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Encouragement as a vehicle to empowerment in counseling: an existential perspective.

This article continues the discussion of empowerment in the field of rehabilitation, by describing a concept that is often taken for granted but never fully elaborated in helping persons gain empowerment: courage. The writer argues that understanding what courage is, and how it is a measure of motivation, can assist rehabilitation counselors to establish conditions in the counseling process that can be rightly termed "encouragement." Encouragement in the counseling process, then, may facilitate "empowerment."

Introduction

A major recent emphasis in disability rights and rehabilitation counseling is that of empowerment. The way that empowerment is generally viewed in this arena is that the experience of disability leads to the experience of viewing life differently, and to the creation of a new perspective that is less concerned with body image and ability, and focuses rather on living interdependently with the full use of one's assets (Hahn, 1989). The position of this paper is that the element of courage is involved in the creation of this new perspective, and that rehabilitation and independent living counselors can facilitate this process through the use of encouragement. For example, the word "encouragement" is used several times by both Emener (1991) and Vash (1991) in their articles on empowerment.

Rehabilitation counseling involves several components including evaluation (assessment), guidance (teaching new ways of living) and confrontation (removing blocks to and challenging the client to use resources). However, practitioners also frequently encourage clients particularly when they want them to try things which are new, or threatening, or for which the person has low confidence. Courage is a philosophical construct that belongs to the field of ontology and has been discussed in depth in the existential psychology literature (May, 1967, 1969, 1975). Thus, the author believes that the study of existence (existentialism) can elucidate courage as construct, and that conceptual bridges can be built to specific strategies in counseling that can "encourage" the creation of new life perspectives in persons with disabilities. Indeed, this paper will purport to demonstrate that courage is the stuff of everyday life and is a measure of how we live that life. As Rollo May (1967) puts it in The Art of Counseling:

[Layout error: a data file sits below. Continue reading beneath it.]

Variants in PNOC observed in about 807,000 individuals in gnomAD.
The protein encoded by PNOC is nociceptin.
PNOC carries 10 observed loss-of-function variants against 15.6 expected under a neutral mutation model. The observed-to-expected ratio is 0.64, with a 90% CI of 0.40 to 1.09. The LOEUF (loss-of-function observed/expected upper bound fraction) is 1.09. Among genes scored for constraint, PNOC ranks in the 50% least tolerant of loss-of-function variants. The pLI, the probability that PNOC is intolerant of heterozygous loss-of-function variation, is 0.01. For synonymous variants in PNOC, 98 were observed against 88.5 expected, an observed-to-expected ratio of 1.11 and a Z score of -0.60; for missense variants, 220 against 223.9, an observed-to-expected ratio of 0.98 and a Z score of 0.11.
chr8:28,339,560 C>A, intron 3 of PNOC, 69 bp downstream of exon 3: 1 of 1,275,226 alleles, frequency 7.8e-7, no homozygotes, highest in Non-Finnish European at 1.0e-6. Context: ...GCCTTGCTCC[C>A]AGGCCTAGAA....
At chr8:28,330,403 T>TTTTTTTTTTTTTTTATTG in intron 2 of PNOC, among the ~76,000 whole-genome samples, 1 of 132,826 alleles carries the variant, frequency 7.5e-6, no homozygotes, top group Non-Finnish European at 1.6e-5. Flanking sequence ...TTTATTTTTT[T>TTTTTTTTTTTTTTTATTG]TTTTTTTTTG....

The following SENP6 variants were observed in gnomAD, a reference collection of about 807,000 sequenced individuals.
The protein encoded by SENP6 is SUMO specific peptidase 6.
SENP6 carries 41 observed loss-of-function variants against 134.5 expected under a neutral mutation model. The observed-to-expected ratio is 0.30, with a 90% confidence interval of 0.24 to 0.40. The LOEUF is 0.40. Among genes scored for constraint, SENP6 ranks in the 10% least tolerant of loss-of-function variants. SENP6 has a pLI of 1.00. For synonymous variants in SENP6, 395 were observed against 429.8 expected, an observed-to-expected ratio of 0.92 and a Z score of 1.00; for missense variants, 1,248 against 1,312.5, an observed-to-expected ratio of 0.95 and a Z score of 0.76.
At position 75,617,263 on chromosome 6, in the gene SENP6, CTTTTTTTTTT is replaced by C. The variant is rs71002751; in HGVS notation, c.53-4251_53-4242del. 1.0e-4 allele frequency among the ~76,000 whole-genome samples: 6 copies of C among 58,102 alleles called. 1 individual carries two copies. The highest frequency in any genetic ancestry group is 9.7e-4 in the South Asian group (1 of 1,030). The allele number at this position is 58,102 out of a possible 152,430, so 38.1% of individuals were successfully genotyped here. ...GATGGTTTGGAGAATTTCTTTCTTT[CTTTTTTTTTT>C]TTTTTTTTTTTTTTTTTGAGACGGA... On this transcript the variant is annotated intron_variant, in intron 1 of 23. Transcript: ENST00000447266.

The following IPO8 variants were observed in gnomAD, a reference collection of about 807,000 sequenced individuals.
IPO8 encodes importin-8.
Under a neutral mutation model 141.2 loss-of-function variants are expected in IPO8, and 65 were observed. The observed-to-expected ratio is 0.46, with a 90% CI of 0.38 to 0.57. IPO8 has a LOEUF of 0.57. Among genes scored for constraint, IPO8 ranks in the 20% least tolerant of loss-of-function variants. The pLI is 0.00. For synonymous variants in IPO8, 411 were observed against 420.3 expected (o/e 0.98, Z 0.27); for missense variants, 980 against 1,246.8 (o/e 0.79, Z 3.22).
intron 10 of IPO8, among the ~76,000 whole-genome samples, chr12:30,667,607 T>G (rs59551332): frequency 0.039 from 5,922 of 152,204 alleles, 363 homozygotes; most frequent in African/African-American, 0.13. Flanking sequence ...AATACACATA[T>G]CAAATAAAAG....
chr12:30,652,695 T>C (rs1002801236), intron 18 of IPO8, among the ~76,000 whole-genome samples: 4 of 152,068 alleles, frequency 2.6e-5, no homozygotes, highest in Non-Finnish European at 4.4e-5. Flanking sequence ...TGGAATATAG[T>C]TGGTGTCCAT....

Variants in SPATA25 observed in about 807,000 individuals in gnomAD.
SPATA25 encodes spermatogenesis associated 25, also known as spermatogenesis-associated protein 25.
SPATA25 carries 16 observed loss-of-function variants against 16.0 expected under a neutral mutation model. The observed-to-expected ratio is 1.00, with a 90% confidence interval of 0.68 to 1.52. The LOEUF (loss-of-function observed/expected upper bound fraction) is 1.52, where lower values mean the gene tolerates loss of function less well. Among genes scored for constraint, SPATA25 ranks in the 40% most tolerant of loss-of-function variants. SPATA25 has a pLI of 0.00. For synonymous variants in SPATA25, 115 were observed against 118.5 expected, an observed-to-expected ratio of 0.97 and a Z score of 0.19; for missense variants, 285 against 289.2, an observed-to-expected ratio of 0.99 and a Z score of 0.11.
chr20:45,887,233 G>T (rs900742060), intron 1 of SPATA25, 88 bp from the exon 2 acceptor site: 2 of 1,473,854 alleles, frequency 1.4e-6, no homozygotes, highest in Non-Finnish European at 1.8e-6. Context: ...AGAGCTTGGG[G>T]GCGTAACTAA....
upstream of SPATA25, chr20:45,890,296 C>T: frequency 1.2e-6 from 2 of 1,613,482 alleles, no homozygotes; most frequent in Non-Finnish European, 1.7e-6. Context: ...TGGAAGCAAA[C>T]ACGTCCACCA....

To live the life of self-expression requires courage. To love greatly, to admit one's hate without having it destroy one's equilibrium, to express anger, to rise to heights of joy and to know deep sorrow, to go on far adventures in spite of loneliness, to catch lofty ideas and carry them into action in short, to live out the infinite number of instinctual urges that rise in glorious challenge within one - this requires courage.

Courage has been defined in the philosophical and psychological literature (Heyd, 1982; May, 1972; & Walton, 1986) as generally occurring in the presence of the following conditions: (a) a careful presence of mind and deliberate action; (b) the presence of difficult, dangerous, and painful circumstances; and (c) a morally worthy intention. Tillich (1952) adds another dimension that underlies courage, which is that the person is engaged in an act that has existential meaning for him or her. Without that existential meaning, daily efforts become nothing but the drudgery of the slave.